Organization Calls for More Staff, More Inspections of Oklahoma Nursing Homes during Off Hours

The Oklahoma Silver Haired Legislature is calling upon state lawmakers to require more staff on duty during evening and night shifts at Oklahoma nursing homes.

The senior advocacy group is also asking the 2016 state Legislature to order the state Health Department to conduct more of its unannounced nursing home inspections during “off hours” — evenings, nights, weekends, and holidays.

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The Oklahoma Silver Haired Legislature (OSHL) is an advocacy organization for our state’s senior adults. OSHL senators and representatives are elected by our state’s seniors to represent each of the 11 districts of the Oklahoma Area Agencies on Aging. More than 500,000 Oklahomans are 65 years old or older, constituting 13% of the state’s population.

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The OHSL met in Oklahoma City last Tuesday and Wednesday. It meets in September of odd-numbered years to develop proposed bills for the next session of the Oklahoma Legislature.

Last week’s OHSL voted to send a proposed bill to the Oklahoma Legislature which would require more staff on duty during evening and night shifts. That’s a reasonable proposal. Nursing home residents live in their facilities 24/7, which means evenings and night times make up two-thirds of their lives. Many senior adults have difficulty sleeping or have health problems that require around-the-clock attention.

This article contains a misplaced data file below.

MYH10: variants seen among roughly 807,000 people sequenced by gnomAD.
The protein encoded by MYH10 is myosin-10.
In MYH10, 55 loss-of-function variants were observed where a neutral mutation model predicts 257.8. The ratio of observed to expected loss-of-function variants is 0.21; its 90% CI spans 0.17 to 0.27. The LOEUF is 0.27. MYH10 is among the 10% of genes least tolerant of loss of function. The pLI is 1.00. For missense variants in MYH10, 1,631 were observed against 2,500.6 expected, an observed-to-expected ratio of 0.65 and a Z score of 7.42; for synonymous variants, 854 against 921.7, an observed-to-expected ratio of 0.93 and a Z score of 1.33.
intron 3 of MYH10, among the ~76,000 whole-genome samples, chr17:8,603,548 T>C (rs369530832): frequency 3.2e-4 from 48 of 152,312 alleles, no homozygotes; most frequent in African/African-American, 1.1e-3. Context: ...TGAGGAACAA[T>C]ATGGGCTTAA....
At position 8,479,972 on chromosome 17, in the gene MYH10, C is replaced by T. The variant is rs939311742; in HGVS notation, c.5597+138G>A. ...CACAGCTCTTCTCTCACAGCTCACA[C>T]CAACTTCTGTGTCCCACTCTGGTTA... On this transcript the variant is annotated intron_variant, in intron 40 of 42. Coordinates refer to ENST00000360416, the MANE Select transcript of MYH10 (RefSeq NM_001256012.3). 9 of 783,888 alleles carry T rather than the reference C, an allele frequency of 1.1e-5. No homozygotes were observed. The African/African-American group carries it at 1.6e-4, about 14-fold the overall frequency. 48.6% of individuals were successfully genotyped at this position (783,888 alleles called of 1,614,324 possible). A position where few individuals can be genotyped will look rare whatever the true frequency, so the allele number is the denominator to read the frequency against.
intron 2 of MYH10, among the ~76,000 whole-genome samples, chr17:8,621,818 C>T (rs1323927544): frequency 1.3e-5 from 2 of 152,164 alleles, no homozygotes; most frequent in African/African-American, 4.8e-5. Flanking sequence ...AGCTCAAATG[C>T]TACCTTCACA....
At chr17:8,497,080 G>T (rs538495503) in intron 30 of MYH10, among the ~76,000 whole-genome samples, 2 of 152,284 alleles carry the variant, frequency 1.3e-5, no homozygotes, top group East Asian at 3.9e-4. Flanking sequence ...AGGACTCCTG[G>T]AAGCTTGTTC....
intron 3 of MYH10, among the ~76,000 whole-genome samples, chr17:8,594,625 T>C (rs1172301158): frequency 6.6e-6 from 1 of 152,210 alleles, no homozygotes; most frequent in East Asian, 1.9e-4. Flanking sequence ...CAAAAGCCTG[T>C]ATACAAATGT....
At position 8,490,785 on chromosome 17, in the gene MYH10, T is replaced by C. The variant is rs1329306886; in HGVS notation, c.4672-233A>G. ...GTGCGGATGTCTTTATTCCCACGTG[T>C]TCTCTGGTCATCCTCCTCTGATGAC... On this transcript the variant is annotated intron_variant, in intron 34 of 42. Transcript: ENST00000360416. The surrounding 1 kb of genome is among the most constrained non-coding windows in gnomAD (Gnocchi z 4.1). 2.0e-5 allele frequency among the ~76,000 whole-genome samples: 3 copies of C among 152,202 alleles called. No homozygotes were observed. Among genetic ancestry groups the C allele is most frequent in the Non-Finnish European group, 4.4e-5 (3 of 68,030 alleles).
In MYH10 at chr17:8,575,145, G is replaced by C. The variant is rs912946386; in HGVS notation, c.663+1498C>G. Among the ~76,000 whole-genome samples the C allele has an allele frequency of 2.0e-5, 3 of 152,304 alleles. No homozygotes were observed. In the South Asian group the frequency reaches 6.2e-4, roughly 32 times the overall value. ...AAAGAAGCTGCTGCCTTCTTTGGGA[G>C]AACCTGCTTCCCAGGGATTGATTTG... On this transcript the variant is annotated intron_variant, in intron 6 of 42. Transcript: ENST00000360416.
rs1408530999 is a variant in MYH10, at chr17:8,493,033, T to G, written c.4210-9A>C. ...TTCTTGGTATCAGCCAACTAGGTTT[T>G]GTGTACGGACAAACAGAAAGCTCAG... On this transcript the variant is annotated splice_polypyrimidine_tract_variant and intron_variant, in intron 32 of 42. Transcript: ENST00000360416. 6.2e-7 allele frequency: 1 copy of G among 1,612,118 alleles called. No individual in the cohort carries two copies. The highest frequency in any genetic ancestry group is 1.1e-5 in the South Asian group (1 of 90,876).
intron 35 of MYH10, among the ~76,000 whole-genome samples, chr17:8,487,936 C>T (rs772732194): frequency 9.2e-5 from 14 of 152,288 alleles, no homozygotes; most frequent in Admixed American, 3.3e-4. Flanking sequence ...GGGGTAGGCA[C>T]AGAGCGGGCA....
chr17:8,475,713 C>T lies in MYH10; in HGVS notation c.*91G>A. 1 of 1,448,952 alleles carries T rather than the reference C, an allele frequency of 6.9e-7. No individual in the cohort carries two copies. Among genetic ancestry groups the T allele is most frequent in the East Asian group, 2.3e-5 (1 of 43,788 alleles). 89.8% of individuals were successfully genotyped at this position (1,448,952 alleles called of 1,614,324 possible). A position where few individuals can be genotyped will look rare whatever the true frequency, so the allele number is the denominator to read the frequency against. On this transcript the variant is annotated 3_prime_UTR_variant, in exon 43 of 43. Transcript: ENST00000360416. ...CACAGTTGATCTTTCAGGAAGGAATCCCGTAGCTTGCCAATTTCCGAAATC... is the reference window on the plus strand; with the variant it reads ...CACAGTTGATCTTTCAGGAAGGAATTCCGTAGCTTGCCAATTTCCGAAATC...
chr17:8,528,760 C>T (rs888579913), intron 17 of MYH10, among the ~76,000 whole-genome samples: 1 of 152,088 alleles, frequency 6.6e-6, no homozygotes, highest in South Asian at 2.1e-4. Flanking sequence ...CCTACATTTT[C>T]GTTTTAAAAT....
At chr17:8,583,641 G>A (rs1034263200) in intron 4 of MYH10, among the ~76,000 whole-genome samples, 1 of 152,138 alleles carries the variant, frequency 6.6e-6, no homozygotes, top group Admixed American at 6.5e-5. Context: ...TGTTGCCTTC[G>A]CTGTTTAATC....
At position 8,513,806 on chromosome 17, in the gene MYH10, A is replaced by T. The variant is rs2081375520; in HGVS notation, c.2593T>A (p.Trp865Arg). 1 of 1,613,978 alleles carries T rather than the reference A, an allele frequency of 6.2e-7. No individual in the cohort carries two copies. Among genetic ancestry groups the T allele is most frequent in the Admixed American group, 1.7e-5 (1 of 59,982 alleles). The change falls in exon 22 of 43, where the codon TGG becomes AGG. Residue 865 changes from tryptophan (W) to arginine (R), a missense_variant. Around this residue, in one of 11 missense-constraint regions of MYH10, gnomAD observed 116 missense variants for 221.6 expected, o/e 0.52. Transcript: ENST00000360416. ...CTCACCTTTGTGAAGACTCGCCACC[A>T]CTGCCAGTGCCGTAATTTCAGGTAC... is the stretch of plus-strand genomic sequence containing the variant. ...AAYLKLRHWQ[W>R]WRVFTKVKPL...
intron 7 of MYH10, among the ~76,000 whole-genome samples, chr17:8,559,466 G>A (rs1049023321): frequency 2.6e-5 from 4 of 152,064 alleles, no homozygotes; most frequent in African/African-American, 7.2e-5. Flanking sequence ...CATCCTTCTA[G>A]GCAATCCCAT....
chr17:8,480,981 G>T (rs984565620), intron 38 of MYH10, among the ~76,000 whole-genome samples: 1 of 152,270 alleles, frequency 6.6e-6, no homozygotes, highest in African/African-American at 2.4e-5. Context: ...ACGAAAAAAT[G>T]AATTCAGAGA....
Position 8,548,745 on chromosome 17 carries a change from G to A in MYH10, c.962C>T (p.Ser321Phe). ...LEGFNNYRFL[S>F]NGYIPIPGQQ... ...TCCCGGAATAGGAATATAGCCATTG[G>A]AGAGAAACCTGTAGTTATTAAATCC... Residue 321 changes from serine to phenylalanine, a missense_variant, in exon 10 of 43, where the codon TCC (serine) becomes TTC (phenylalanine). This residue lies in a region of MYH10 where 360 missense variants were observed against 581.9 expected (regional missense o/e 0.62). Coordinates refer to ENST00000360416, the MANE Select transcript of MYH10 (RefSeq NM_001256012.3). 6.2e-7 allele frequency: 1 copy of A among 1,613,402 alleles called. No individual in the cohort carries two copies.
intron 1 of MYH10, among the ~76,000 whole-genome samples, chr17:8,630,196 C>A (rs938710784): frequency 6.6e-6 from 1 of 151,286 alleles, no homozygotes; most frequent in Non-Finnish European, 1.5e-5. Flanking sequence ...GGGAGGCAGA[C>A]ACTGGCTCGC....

Another OSHL proposed bill would require the state Health Department to conduct at least 25% of its nursing home inspections in the evenings, night time, weekends and holidays. That’s a sensible proposal which the state Legislature should adopt.

An inspection conducted during normal business hours is likely to find a nursing home at its best. More staff is on duty. The best employees are on duty, who have gravitated by seniority to the day shift. Administrators are present, motivating employees to be on their best behavior. Family members are more likely to visit, also motivating employees.

However, the purpose of an inspection is to make sure our nursing homes are always measuring up to minimum standards. If minimum standards are not being achieved in a nursing home, it most likely to be during the off hours. It only makes sense to require more inspections at those times.

I think it is a quite modest proposal to require only 25% of inspections during off hours. If it were up to me, the percentage would be higher.

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Our state lawmakers should turn both of these proposals into law during their 2016 legislative session. All of us should be grateful to the Oklahoma Silver Haired Legislature for being aggressive advocates on behalf of our seniors.

All of us will eventually take our turn being seniors. How we treat seniors today will largely determine how we will be treated tomorrow.